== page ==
The polls show London turning red (and grey). Is a "renterquake" responsible?by Jack Beckett / May 1, 2018 / Leave a comment
Londoners, eh, walking around like they rent the place. Indeed, as of 2017, private renters are now the most common form of housing tenure in the capital. This group of nearly 900,000 are young, have migrated, are concerned with housing availability—and what’s more, they’re starting to vote about it. In fact, capturing the imagination of this voting bloc will have serious implications for this week’s local elections
Much has been made of the ‘youthquake’ that toppled the seemingly inevitable prospect of a large Conservative majority at the last general election. But post-election analysis by the British Election Study has since quashed this theory and replaced it with a more specific 25-40-year-old-quake.
Less attention has been given to the ‘renterquake’. Yet private renters turned out in larger number, and swung heavily toward Labour, as compared to the 2015 election.
The renterquake visualised
Here it is, explained in two graphs, courtesy of Ipsos MORI:
Now the heroes amongst you will be falling off your chairs in your eagerness to type “correlation doesn’t equal causation.” But, Matt Singh, of Number Cruncher Analytics, has twice written of the ‘renterquake’ phenomenon, reaffirming his position that this is no spurious correlation.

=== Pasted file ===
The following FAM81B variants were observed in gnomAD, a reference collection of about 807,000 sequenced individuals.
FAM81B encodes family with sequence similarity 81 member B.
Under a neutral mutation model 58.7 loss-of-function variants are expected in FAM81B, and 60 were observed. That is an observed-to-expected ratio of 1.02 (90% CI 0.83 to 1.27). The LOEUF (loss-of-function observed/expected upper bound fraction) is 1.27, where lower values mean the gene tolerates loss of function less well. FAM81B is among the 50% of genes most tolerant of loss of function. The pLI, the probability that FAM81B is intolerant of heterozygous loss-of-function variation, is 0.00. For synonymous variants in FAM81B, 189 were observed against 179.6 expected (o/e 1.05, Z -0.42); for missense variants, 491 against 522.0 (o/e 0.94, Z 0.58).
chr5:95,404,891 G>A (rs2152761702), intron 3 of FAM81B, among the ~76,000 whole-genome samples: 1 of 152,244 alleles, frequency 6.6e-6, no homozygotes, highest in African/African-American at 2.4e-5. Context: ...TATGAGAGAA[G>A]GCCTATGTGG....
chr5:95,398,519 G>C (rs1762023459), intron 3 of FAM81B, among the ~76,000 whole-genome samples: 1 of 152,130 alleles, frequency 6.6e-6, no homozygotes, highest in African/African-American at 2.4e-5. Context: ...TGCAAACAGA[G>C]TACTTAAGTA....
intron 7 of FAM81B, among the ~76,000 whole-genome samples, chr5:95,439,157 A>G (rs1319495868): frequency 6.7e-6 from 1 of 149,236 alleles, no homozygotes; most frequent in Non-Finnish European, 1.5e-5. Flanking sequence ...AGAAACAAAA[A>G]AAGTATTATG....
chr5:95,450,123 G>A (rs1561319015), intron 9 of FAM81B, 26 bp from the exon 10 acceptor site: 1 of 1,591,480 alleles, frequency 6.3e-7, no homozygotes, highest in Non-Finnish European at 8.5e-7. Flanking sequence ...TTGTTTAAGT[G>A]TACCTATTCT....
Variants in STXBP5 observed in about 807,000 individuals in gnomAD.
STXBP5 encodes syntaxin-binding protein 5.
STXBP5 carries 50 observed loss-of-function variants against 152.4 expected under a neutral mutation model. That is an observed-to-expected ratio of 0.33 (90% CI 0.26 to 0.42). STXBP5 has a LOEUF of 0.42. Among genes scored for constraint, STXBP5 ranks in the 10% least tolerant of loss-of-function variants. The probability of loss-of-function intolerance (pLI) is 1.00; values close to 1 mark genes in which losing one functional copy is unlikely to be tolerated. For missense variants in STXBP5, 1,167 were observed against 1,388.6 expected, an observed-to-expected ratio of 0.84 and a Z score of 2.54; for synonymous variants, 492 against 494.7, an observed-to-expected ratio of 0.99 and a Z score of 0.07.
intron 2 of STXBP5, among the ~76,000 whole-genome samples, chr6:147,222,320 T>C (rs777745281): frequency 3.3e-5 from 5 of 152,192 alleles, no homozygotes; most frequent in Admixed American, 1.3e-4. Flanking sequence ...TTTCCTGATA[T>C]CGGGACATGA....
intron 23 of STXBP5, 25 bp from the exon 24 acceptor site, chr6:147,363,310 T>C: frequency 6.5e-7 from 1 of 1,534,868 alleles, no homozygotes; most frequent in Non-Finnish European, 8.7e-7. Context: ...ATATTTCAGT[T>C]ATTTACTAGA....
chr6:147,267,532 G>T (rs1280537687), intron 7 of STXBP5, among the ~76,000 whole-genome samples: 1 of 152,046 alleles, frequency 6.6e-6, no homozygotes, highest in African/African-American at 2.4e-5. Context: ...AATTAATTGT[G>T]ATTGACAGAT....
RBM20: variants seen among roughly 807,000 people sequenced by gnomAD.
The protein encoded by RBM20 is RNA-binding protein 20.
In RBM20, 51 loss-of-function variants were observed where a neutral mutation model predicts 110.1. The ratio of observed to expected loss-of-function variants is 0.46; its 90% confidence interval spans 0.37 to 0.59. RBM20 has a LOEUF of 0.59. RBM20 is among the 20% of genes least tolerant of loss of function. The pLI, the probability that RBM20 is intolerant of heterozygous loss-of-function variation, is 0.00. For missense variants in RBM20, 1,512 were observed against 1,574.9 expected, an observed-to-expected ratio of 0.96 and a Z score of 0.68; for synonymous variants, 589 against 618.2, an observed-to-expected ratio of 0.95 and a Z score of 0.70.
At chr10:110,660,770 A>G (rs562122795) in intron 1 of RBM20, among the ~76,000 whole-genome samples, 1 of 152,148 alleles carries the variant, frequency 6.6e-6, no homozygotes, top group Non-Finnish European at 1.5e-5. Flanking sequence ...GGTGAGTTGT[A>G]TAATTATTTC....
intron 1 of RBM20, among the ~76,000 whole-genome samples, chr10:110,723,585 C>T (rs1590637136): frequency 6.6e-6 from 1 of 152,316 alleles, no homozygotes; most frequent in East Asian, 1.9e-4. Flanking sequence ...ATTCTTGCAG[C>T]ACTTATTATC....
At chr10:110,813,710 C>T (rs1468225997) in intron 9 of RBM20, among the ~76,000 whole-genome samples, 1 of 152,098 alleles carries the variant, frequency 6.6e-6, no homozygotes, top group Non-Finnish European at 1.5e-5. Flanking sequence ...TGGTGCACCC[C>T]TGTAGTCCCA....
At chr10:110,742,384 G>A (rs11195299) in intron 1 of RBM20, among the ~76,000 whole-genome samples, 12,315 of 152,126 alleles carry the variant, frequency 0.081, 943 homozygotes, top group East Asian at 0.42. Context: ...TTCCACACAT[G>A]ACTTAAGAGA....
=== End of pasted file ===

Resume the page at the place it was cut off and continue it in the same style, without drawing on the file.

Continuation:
These trends are nationally-based, but they will become nowhere more pertinent than in London when renters go to the polls this week. Housing is now cited as the joint third biggest issue for voters nationally at 22 per cent—its highest position since 1974, sitting on a par with the economy and only behind Brexit and the NHS. In London, the figure is 36 per cent.
This trend is of no surprise: in the last two decades, the number of jobs based in London has grown by 40 per cent, the number of people by 25 per cent, but the number of homes by only 15 per cent.
Housing was the top issue facing Londoners at the 2016 Mayoral election—in 2012, it was 4th—and nearly three times as many Londoners say they would look favourably on candidates who promise more housebuilding.
Who will benefit?
We know why private renters find housing a bigger issue than their homeowning counterparts—that’s as engrained as…